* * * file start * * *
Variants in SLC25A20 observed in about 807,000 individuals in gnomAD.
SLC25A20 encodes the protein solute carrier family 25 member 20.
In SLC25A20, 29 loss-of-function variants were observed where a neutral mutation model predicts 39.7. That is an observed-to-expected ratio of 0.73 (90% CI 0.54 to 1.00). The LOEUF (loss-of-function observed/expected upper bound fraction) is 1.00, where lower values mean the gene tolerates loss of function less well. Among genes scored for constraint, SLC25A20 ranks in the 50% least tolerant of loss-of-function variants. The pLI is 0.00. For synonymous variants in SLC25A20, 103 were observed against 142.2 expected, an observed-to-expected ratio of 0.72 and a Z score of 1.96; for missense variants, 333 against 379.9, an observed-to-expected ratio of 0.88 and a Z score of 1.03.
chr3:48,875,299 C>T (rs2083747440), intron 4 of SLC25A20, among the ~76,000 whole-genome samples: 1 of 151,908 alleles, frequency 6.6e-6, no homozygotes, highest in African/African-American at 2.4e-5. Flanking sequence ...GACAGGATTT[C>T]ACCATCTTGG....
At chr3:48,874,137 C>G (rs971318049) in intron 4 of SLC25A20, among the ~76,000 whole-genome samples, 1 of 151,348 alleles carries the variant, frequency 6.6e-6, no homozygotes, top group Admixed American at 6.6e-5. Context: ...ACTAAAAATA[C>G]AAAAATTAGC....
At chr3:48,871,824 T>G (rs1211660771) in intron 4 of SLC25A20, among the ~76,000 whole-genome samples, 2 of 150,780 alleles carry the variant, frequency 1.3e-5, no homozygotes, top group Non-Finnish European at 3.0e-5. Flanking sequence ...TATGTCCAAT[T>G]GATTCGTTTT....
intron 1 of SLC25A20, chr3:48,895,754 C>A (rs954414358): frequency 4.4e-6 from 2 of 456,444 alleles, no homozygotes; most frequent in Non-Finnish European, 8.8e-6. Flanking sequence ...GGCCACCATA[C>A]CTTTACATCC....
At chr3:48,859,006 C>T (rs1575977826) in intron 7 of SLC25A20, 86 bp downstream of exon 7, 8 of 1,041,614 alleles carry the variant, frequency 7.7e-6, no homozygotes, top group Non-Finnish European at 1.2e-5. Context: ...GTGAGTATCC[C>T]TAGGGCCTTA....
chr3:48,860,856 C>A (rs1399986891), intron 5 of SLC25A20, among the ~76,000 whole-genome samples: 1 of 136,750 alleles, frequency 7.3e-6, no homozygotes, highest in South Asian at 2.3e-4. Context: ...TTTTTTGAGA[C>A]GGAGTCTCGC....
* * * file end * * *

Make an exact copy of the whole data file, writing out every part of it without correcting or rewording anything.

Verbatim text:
Variants in SLC25A20 observed in about 807,000 individuals in gnomAD.
SLC25A20 encodes the protein solute carrier family 25 member 20.
In SLC25A20, 29 loss-of-function variants were observed where a neutral mutation model predicts 39.7. That is an observed-to-expected ratio of 0.73 (90% CI 0.54 to 1.00). The LOEUF (loss-of-function observed/expected upper bound fraction) is 1.00, where lower values mean the gene tolerates loss of function less well. Among genes scored for constraint, SLC25A20 ranks in the 50% least tolerant of loss-of-function variants. The pLI is 0.00. For synonymous variants in SLC25A20, 103 were observed against 142.2 expected, an observed-to-expected ratio of 0.72 and a Z score of 1.96; for missense variants, 333 against 379.9, an observed-to-expected ratio of 0.88 and a Z score of 1.03.
chr3:48,875,299 C>T (rs2083747440), intron 4 of SLC25A20, among the ~76,000 whole-genome samples: 1 of 151,908 alleles, frequency 6.6e-6, no homozygotes, highest in African/African-American at 2.4e-5. Flanking sequence ...GACAGGATTT[C>T]ACCATCTTGG....
At chr3:48,874,137 C>G (rs971318049) in intron 4 of SLC25A20, among the ~76,000 whole-genome samples, 1 of 151,348 alleles carries the variant, frequency 6.6e-6, no homozygotes, top group Admixed American at 6.6e-5. Context: ...ACTAAAAATA[C>G]AAAAATTAGC....
At chr3:48,871,824 T>G (rs1211660771) in intron 4 of SLC25A20, among the ~76,000 whole-genome samples, 2 of 150,780 alleles carry the variant, frequency 1.3e-5, no homozygotes, top group Non-Finnish European at 3.0e-5. Flanking sequence ...TATGTCCAAT[T>G]GATTCGTTTT....
intron 1 of SLC25A20, chr3:48,895,754 C>A (rs954414358): frequency 4.4e-6 from 2 of 456,444 alleles, no homozygotes; most frequent in Non-Finnish European, 8.8e-6. Flanking sequence ...GGCCACCATA[C>A]CTTTACATCC....
At chr3:48,859,006 C>T (rs1575977826) in intron 7 of SLC25A20, 86 bp downstream of exon 7, 8 of 1,041,614 alleles carry the variant, frequency 7.7e-6, no homozygotes, top group Non-Finnish European at 1.2e-5. Context: ...GTGAGTATCC[C>T]TAGGGCCTTA....
chr3:48,860,856 C>A (rs1399986891), intron 5 of SLC25A20, among the ~76,000 whole-genome samples: 1 of 136,750 alleles, frequency 7.3e-6, no homozygotes, highest in South Asian at 2.3e-4. Context: ...TTTTTTGAGA[C>A]GGAGTCTCGC....